No. 9 - SMART-1 is changing thrust strategy to avoid long eclipses
As reported earlier, the cause of the problem has been identified and a procedure to automatically detect these events and restart the engine autonomously was prepared. The procedure will be uploaded to the on-board software this week. Despite the fact that the solar activity at the moment is considerably reduced, compared with the high activity of recent weeks, we suspect that the density of trapped protons at low altitudes of the radiation belts is still quite high and is causing the flame-outs. We have therefore decided not to thrust when the spacecraft's altitude is below 10 000 km.
The total cumulated thrust time is now more than 810 hours and we have consumed almost 13 kg of Xenon. Even with this small amount of fuel consumption the electric propulsion engine has so far provided a velocity increment of about 567 ms-1 (equivalent to more than 2000 kmh-1). The electric propulsion engine's performance, periodically monitored by means of the telemetry data transmitted by the spacecraft and by radio-tracking at the ground stations, continues to show a small over performance in thrust, varying from 1.3% to 1.8% over this period.
On the 28 November we changed the thrust direction strategy. Up until this date the spacecraft has been thrusting in the direction of the velocity vector, tangentially to the orbit. This direction maximises the increase of the semi-major axis, causing both the perigee and the apogee altitudes to increase. This optimal strategy leads to quite a high apogee at the end of the radiation escape phase, which is good because it brings SMART-1 closer to the Moon. The downside of this strategy is that it causes the spacecraft to transit around apogee for longer periods of time.
If the spacecraft had continued along this vector then by mid-March 2004 the apogee would be in the ecliptic plane and the spacecraft would frequently transit for more than 2 hours through the shadow produced by the Earth. In order to avoid such a situation, which the spacecraft has not been designed for, we have decided to change the thrust strategy. The spacecraft now thrusts in a direction perpendicular to the position vector in the orbital plane.
This new strategy produces a faster perigee increase, and will lead to an earlier escape from the radiation belts and a lower apogee height. With a lower apogee height, the spacecraft will transit at higher speeds through the Earth's shadow cone and it will be eclipsed for a maximum of 2 hours.
Once substantially outside the radiation belts (at a perigee height of 20 000 km), thrusting will be performed only at perigee for short periods to tune the apogee height to match the maximum allowable eclipse duration, which is currently under evaluation. This new strategy entails the introduction, in about a month's time, of coast arcs (parts of the orbit when there is no thrust) of considerable duration. These will be used to perform instrument commissioning and preliminary scientific observations.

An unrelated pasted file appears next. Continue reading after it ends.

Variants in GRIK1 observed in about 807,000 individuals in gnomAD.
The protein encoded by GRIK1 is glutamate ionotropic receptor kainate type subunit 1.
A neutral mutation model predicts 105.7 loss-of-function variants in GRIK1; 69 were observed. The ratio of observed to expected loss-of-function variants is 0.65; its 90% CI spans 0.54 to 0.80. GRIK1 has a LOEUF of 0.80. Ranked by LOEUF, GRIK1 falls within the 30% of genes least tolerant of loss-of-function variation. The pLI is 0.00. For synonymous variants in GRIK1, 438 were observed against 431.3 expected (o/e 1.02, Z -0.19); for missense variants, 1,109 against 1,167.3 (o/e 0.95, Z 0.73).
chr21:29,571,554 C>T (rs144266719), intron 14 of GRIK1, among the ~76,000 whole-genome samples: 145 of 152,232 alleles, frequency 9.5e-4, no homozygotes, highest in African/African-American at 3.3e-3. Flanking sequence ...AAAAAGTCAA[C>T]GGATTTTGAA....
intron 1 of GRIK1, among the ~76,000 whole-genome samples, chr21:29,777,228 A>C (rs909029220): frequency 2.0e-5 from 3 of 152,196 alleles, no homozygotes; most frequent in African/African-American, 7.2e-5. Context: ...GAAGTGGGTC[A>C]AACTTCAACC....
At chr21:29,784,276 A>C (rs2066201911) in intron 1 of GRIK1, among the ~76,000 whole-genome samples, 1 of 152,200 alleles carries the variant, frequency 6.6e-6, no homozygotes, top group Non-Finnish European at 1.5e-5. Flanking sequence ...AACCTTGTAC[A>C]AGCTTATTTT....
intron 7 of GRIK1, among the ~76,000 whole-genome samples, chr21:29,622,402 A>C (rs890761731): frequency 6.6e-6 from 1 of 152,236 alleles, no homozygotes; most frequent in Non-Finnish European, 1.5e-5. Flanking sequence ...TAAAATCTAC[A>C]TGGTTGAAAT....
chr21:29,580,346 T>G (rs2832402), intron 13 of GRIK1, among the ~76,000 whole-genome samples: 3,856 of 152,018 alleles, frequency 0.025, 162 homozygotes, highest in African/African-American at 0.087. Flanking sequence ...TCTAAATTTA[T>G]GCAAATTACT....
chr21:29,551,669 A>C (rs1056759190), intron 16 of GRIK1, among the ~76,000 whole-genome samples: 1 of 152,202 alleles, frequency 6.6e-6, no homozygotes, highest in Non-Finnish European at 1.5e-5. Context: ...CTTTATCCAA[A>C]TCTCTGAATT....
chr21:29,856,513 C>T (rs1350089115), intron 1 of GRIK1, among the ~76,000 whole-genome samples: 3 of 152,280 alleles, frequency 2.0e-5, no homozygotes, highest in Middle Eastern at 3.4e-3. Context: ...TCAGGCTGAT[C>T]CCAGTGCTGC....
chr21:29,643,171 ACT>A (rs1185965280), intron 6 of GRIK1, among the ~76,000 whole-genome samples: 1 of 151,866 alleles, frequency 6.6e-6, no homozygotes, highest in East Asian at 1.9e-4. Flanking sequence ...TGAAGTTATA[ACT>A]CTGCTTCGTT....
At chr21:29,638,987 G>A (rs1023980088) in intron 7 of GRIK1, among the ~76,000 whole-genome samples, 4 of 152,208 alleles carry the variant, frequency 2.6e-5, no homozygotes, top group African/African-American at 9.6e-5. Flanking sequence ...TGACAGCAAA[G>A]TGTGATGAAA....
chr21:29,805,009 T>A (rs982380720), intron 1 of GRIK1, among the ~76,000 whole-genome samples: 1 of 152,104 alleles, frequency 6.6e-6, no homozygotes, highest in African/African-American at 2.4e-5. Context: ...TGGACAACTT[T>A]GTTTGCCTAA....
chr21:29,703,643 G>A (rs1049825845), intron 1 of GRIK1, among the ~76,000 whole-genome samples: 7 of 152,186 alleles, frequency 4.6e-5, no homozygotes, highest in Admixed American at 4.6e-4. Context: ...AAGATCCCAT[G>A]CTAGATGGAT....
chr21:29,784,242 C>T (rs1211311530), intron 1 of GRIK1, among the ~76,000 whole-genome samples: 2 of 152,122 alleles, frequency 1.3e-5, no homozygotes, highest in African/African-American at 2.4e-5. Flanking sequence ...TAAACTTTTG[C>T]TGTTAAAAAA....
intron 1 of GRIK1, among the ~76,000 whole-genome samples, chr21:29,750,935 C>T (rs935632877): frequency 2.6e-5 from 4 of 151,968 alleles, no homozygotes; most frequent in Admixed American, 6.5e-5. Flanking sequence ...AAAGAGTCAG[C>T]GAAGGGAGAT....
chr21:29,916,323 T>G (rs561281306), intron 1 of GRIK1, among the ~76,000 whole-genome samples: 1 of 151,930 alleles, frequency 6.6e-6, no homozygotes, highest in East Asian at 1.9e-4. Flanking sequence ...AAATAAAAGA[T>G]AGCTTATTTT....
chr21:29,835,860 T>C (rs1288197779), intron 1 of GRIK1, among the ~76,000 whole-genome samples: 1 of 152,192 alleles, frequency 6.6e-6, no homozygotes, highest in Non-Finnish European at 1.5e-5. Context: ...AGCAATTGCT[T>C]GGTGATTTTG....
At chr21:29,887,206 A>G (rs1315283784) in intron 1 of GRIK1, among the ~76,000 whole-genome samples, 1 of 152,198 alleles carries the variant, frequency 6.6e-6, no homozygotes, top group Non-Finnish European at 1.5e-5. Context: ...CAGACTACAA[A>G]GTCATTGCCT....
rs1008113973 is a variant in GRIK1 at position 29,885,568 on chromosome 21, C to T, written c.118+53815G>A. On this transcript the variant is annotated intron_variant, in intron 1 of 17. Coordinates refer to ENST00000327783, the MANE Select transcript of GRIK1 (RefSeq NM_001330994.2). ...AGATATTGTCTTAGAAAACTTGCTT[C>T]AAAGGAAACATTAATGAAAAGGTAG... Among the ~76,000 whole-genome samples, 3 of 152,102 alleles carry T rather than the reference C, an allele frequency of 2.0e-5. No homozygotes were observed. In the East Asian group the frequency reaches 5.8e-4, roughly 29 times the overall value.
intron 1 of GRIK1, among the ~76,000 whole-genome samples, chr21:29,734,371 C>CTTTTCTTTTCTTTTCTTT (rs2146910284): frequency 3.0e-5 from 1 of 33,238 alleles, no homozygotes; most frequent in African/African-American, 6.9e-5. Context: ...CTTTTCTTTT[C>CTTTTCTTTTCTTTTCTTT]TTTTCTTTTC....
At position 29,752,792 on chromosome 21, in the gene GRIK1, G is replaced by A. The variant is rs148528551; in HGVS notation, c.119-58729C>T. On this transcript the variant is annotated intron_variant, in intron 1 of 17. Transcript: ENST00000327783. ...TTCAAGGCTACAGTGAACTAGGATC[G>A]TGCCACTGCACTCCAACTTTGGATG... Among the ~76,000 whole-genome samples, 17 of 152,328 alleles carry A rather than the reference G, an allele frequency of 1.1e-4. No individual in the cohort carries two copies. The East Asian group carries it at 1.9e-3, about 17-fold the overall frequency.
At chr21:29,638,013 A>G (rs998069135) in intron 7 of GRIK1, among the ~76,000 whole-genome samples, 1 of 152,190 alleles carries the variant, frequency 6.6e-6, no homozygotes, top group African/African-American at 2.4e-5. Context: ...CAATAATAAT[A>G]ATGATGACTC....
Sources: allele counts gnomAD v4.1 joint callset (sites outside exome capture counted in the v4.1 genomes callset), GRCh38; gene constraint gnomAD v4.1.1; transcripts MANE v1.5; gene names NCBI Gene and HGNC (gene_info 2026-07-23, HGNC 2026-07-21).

The degradation of the electrical power produced by the solar arrays has been much less over the last week than previously. As a matter of fact the power available has remained more or less constant over the last 9 days. This means that the degradation by radiation has matched the increase of solar irradiance of about 0.4 %, so that the net effect on the power produced is nil. This is explained by the fact that no direct proton radiation from solar activity was experienced and the fact that the spacecraft stays outside the radiation belts for a considerable part of the time in its current orbit.
The communication, data handling and on-board software subsystems have been performing very well in this period. In particular the counted number of the single event upsets corrected by the processor EDAC system is drastically decreasing. We are now at a rate of two or three events per day.
The thermal subsystem also continues to perform well and all the temperatures are as expected. The reported problem of the high temperature of the star trackers optical heads has been investigated further through detailed in-orbit observations. We are now starting a ground simulation campaign to correlate the in-orbit data with the thermal mathematical models. The situation is under control and more on this will be reported as soon as it becomes available.
The SMART-1 orbit is continuously modified by the effects of the electric propulsion low thrust. The osculating orbital elements are periodically computed by the ESOC specialists. These elements define the so called osculating orbit which would be travelled by the spacecraft if at that instant all perturbations, including EP thrust, would cease. So it is an image of the situation at that epoch. In reality the path travelled by the spacecraft is a continuous spiral leading from one orbit to another. The most recent osculating elements are as follows:
EPOCH (UTC) 2003/12/01 10:29:20.1
Elements WRT Earth (J2000)
|Pericentre Distance (km)||
|Apocentre Distance (km)||
|Semi Major Axis (km)||
|Asc. Node (deg)||
|Arg. of Pericentre (deg)||
|True Anomaly (deg)||
|Osc. Orbital Period (h)||
From the start, the electric propulsion system has managed to increase the semi-major axis of the orbit by 5606 km, increasing the perigee altitude from the original 656 km to 5783 km and the orbital period by three hours and 50 minutes, from the initial 10 hours 41 minutes to the present 14 hours 31 minutes.
SMART-1 Project Manager
ESA/ESTEC - SCI-PD
Keplerlaan 1- 2200 AG Noordwijk, The Netherlands